How to build a learning organization the realistic way
Creating a culture that values learning comes with many benefits for organizations. For one, the commitment to learn and apply what’s learned daily gives learning organizations a competitive edge. They’re able to quickly adapt to changing trends, which contributes to business growth and success.
And, two, learning organizations can better retain employees. In fact, 94% of employees agree they’d stay longer with a company if it’s committed to learning and development.
The problem? Without a solid strategy and successful execution, all the training investment in the world means nothing.
There are many factors involved in cultivating a productive, thriving environment for workplace learning and development. For starters, what works for one company may not work for another.
You need to get a good understanding of your team’s general learning style, research the training methods out there, and always encourage ongoing workplace learning.
In this piece, we’ll talk about how to build a learning organization while looking at inspiring examples.
Let’s start with the basics.
What is a learning organization?
A learning organization is a workplace that’s intentional about empowering its employees with the knowledge to perform their job better. In doing so, these organizations grow their workforce’s skills, equipping them to innovate faster and better handle unexpected and challenging situations. In learning organizations, working and learning go hand in hand.
(Image source: Jeff Kortenbosch)
Peter Senge popularized learning organizations in his book The Fifth Discipline, and emphasized the importance of nurturing new ideas and ways of thinking, and continually learning how to learn together.
Creating a successful learning organization takes more than just enrolling your staff in training programs. Instead, it takes a learning culture, invested leadership, and more. Let’s look at these foundational steps next.
View training as a strategic advantage rather than an expense
Good initiatives start with a clear mindset.
In terms of learning and development, leadership must be clear that it’s not an additional expense that can be cut out in a financially difficult situation.
Instead, it’s a strategic investment that delivers a huge return on investment. The first step, then, is to take learning and development (L&D) teams as strategic partners.
Not convinced yet? Take it from Chaparral Steel, one of the best learning organization examples.
The company sends its first-line supervisors on sabbaticals to countries where they visit academic and industry leaders. The aim is to learn new work techniques and practices and return with unique knowledge to apply to their daily operations.
The result? Chaparral is among the five lowest-cost steel plants out there.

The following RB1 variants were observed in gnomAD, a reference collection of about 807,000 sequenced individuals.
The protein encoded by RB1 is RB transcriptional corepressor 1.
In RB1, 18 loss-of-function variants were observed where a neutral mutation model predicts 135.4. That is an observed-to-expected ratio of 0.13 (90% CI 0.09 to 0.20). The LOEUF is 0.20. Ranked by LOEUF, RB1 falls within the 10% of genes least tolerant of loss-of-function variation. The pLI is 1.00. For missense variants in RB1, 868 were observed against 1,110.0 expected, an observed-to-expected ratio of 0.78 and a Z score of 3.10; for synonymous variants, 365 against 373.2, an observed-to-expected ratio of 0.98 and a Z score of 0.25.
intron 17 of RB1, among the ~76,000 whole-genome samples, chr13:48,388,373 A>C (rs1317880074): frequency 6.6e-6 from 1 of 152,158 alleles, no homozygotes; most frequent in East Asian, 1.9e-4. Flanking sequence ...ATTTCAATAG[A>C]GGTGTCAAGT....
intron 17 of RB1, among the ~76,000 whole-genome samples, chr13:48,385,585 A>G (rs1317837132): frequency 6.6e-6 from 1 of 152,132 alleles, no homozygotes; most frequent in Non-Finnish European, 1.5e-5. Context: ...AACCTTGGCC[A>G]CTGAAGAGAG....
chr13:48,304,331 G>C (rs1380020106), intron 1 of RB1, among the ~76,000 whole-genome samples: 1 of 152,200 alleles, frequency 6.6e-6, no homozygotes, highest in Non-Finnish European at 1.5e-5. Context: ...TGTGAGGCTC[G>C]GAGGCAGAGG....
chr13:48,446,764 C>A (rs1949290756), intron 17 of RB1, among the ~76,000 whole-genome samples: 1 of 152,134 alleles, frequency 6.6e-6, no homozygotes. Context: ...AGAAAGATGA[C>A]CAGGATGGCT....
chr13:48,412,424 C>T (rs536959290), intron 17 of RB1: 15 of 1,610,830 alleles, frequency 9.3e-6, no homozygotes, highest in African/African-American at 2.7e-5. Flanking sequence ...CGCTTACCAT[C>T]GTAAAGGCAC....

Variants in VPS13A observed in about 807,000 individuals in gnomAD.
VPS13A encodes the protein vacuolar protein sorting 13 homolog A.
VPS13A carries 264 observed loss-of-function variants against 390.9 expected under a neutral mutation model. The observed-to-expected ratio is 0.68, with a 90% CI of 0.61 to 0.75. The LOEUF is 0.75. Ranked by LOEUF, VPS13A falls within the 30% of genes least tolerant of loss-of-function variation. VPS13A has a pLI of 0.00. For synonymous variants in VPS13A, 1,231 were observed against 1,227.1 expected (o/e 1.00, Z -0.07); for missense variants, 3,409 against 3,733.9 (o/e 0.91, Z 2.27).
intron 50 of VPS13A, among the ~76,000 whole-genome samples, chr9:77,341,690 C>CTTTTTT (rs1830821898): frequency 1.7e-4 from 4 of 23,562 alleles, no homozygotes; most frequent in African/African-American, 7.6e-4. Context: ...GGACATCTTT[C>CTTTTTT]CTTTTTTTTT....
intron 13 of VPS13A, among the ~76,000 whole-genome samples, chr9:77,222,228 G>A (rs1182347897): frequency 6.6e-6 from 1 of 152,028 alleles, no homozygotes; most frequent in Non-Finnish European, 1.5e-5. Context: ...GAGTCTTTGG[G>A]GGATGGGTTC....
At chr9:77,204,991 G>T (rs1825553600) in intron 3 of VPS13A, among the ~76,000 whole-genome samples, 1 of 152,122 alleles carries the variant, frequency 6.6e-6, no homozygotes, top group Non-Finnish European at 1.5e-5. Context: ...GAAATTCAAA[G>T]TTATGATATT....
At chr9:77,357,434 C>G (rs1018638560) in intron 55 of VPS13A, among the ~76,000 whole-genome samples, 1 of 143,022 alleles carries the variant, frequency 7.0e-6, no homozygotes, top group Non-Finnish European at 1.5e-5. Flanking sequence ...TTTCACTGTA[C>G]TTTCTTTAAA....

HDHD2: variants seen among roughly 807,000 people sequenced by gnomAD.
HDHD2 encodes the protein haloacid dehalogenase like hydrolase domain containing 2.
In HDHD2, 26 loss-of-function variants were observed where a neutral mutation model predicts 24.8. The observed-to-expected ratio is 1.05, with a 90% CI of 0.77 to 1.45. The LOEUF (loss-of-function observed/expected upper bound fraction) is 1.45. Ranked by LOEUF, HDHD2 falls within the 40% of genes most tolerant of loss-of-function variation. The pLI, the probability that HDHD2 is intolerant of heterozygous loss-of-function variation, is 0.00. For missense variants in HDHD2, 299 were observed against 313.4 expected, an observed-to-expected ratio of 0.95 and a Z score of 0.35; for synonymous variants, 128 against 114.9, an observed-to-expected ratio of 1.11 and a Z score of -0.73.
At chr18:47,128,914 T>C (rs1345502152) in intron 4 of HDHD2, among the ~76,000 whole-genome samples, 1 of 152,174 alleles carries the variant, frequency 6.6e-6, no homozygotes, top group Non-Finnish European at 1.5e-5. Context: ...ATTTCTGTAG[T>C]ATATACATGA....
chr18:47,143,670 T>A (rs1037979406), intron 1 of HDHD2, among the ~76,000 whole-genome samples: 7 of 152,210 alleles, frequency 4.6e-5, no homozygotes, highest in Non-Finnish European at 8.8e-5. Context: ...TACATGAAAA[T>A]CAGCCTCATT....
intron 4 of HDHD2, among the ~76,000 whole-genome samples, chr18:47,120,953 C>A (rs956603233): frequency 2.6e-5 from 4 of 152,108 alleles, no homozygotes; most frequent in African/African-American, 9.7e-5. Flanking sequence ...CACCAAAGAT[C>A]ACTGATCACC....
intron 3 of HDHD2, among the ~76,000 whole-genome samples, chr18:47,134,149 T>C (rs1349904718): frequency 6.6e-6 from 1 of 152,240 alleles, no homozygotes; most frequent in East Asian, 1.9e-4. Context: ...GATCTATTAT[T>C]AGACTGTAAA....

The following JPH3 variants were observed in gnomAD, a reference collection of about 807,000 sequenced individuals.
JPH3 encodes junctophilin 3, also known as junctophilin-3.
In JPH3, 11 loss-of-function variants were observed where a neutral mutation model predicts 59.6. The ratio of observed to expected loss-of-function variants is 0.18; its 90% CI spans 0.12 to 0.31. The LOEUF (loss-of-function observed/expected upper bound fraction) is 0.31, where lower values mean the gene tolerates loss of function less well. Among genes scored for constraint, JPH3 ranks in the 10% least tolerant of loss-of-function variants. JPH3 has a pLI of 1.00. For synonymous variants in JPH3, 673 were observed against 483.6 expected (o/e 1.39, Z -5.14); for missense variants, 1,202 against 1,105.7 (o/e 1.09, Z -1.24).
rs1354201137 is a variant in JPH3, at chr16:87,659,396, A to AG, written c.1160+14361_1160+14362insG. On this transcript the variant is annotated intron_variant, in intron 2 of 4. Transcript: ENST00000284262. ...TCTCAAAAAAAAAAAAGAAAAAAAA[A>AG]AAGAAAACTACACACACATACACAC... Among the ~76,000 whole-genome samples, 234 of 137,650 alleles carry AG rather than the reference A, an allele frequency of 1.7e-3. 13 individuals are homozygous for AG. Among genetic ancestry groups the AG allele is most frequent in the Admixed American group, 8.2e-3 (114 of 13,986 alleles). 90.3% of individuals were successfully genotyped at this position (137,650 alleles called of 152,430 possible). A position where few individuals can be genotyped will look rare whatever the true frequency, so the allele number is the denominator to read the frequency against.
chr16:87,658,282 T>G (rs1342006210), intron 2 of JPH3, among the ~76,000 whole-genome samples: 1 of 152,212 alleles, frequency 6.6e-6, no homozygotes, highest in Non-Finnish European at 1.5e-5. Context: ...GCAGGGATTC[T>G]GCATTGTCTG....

Help people embrace change
Not only do leaders need to understand how learning and development can benefit them but they also need to shift their people’s mindset.
This reduces resistance to change as employees understand the organization will not remain static. And that they need to be flexible enough to grow with these changes.
An effective way to get people to embrace change is to host one-on-ones to explain the importance of embracing learning. And while you’re at it, instill the idea that learning is a daily job and a journey—not a course with defined start and end points.
Technically, this is known as on-the-job learning. It involves taking up projects that encourage learning. And it focuses on encouraging and facilitating employees to learn and apply what they learn in their daily work.
As Lisandro Morón who works as a Learning and Organizational Consultant at Implement Consulting Group, puts it:
“You learn through getting better at your work and actually implementing what you have learned.”
The best part? On the job learning solves the leading challenge that L&D faces: lack of time, which 65% of folks report is their top struggle.
Make learning part of your culture
Creating a learning culture is among the biggest challenges that L&D professionals struggle with.
Admittedly, it can be tough. But it’s not impossible. The key is to reward a growth mindset and promote an environment of continuous learning by doing.
But first, what’s a growth mindset? It’s the ‘I can’t do it yet’ attitude that sees every challenge as an opportunity to learn instead of thinking ‘I can’t do that’ when hit with a roadblock.
It’s also the mindset that takes ownership of one’s mistake. Again, this is in sharp contrast with the fixed mindset that blames others every time they fail.